Why is it so difficult for teachers to remain in the profession?

Written by: Dr Mary Bousted | Published:
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The work of teachers is subject to routine surveillance that has become intensive, excessive and intrusive, robbing them of autonomy and driving the retention crisis, says Dr Mary Bousted, author of Support not Surveillance


Today I have one burning question: Why is it so difficult for teachers to remain in the profession? The numbers jumping ship are alarming. Within five years of qualification, more than 31% have left teaching. Within 10 years that figure rises to more than 40% (DfE, 2022).

No education system can succeed without a good supply of teachers. Successive governments, presented with strong evidence that excessive and intensive workload is the overwhelming reason for teacher flight, have professed teachers should be highly valued but have done little to realise that ambition.

Instead, research, such as the British Skills and Employment Survey, reveals that teachers’ work intensity has soared – so that by 2017, 90% of teachers reported that their job requires them to “work very hard” compared to 52% in other equivalent professions. The researchers conclude that “no other large occupation has shown anything like this degree of work intensification” (Green, 2021).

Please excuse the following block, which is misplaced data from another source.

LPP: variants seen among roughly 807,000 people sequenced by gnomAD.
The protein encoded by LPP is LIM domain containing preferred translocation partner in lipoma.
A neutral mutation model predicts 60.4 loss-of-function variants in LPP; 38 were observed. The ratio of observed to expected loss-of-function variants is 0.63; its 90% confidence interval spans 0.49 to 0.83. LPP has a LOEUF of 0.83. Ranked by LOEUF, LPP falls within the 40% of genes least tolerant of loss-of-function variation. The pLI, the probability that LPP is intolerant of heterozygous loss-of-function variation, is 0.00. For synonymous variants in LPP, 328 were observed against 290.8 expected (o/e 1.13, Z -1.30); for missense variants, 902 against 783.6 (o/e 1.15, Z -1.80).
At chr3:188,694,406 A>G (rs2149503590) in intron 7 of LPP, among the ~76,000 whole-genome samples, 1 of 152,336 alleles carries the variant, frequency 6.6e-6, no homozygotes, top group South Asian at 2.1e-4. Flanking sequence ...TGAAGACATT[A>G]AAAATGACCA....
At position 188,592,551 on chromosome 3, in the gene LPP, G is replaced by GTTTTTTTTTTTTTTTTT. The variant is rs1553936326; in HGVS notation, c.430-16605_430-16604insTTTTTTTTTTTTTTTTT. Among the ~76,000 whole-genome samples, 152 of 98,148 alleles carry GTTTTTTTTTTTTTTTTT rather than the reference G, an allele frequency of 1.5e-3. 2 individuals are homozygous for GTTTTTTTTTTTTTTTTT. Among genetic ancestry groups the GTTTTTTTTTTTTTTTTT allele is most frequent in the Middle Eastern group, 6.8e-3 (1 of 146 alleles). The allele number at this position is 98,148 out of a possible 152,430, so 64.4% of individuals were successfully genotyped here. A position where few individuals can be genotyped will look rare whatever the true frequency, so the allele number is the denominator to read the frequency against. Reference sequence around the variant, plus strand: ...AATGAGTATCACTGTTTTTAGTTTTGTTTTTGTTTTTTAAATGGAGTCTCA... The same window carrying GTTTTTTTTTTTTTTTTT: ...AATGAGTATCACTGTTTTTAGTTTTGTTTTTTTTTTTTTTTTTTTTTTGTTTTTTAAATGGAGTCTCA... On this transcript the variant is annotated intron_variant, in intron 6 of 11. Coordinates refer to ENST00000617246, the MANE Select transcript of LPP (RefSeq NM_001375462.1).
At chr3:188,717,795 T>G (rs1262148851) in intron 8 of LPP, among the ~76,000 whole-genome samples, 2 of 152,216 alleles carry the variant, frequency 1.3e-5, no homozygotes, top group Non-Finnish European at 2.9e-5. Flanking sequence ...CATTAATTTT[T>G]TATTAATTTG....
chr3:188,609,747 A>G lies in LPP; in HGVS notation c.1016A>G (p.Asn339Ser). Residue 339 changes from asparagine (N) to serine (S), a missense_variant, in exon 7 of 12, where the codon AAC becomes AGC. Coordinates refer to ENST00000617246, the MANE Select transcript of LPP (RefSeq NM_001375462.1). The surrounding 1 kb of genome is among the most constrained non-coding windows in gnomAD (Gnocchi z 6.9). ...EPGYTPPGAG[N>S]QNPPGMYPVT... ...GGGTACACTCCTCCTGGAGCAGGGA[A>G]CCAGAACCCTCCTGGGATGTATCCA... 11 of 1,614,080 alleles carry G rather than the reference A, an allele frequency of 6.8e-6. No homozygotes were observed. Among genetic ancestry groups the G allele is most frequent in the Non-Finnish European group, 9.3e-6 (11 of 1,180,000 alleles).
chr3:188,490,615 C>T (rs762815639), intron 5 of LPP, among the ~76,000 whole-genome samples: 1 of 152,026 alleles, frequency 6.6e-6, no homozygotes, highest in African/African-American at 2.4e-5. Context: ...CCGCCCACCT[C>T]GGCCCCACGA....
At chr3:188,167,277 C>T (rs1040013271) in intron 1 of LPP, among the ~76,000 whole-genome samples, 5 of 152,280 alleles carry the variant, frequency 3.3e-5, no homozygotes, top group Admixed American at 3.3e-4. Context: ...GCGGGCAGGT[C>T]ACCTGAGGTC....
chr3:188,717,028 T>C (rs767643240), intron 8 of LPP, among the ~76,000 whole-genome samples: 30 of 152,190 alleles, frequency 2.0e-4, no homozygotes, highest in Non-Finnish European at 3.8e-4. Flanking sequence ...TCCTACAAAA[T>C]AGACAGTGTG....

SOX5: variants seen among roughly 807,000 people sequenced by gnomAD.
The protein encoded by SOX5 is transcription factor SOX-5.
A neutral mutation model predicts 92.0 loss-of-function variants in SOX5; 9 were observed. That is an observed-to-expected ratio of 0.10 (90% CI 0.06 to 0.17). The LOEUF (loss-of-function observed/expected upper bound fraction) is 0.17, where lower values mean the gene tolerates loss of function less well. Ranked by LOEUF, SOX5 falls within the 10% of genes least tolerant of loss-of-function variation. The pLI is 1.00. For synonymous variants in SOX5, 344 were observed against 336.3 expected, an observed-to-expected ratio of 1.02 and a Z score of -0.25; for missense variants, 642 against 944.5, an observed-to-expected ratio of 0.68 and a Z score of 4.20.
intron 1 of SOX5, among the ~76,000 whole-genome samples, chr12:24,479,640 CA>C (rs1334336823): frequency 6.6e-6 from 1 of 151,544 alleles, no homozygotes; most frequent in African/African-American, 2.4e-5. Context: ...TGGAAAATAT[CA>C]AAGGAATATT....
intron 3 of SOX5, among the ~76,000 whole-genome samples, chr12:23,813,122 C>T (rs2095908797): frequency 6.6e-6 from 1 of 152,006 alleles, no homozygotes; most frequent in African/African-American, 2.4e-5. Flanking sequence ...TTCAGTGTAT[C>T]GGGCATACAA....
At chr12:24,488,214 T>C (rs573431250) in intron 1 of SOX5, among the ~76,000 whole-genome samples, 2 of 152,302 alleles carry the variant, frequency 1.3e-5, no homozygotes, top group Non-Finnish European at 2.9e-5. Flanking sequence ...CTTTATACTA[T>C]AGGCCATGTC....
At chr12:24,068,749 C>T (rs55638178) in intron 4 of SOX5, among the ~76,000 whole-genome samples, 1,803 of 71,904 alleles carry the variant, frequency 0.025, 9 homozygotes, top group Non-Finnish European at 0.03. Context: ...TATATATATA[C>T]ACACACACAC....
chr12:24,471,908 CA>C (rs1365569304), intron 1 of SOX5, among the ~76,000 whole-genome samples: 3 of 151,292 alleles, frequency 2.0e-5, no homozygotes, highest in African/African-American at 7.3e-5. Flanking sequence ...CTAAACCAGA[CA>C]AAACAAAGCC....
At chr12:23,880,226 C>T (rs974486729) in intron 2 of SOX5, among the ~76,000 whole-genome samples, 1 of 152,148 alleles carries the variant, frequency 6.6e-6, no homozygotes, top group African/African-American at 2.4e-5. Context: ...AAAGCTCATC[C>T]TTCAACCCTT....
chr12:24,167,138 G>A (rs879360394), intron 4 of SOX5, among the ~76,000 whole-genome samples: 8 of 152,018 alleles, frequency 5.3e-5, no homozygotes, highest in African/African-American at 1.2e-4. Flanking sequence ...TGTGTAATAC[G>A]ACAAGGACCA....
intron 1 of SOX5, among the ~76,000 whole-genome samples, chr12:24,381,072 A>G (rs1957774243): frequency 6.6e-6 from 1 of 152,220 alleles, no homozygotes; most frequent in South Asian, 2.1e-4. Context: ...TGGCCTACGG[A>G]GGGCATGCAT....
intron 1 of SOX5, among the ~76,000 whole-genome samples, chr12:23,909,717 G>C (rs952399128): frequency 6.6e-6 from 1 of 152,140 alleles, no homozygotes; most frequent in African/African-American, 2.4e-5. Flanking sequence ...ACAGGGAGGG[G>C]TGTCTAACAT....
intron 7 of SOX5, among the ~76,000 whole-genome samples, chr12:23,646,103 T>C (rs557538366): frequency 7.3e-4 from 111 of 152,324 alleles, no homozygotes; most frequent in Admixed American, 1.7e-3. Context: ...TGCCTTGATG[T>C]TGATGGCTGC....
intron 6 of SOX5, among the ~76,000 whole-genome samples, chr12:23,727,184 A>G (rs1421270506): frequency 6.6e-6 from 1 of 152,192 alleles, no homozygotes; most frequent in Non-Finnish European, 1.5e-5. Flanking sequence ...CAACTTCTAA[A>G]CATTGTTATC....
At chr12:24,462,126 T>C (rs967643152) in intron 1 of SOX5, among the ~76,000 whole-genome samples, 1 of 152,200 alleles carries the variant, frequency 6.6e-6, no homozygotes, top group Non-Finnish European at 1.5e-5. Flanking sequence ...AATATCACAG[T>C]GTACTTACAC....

So, why do 85% of teachers report they are exhausted at the end of the working day, compared with only 45% of other professionals? (Green, 2021)

In a nutshell, teachers in England are subject to routine surveillance of their work which has become intensive, excessive and intrusive, robbing them of the professional choice, discretion and autonomy which should be the hallmark of a thinking, responsible profession.

Compelling evidence from the OECD’s 2018 Teaching and Learning International Survey (TALIS) reveals just how controlled the working lives of teachers in England are compared to their international counterparts.

Teachers in England come second only to Singapore in the OECD international league tables for the volume of feedback they receive – on lesson plans, assessment of pupil progress, lesson observations, etc.

How effective is all this feedback in making a positive impact on teachers’ practice? Unfortunately, quantity does not equal quality. England comes at the lower end of the OECD league tables for teachers who feel feedback improves their practice.

In many OECD countries, teacher representatives have a role on the school senior management team so the voice of the classroom practitioner and their experience can inform collective decision-making. England comes 40th out of 48 in the OECD league table for involvement in the school management team, and third from bottom for inclusion in school decisions.

If there is one finding from TALIS that should alert us to the parlous state of teacher wellbeing in England it is this: 38% of teachers in England, more than double the OECD average, report that they experience a lot of stress in their work.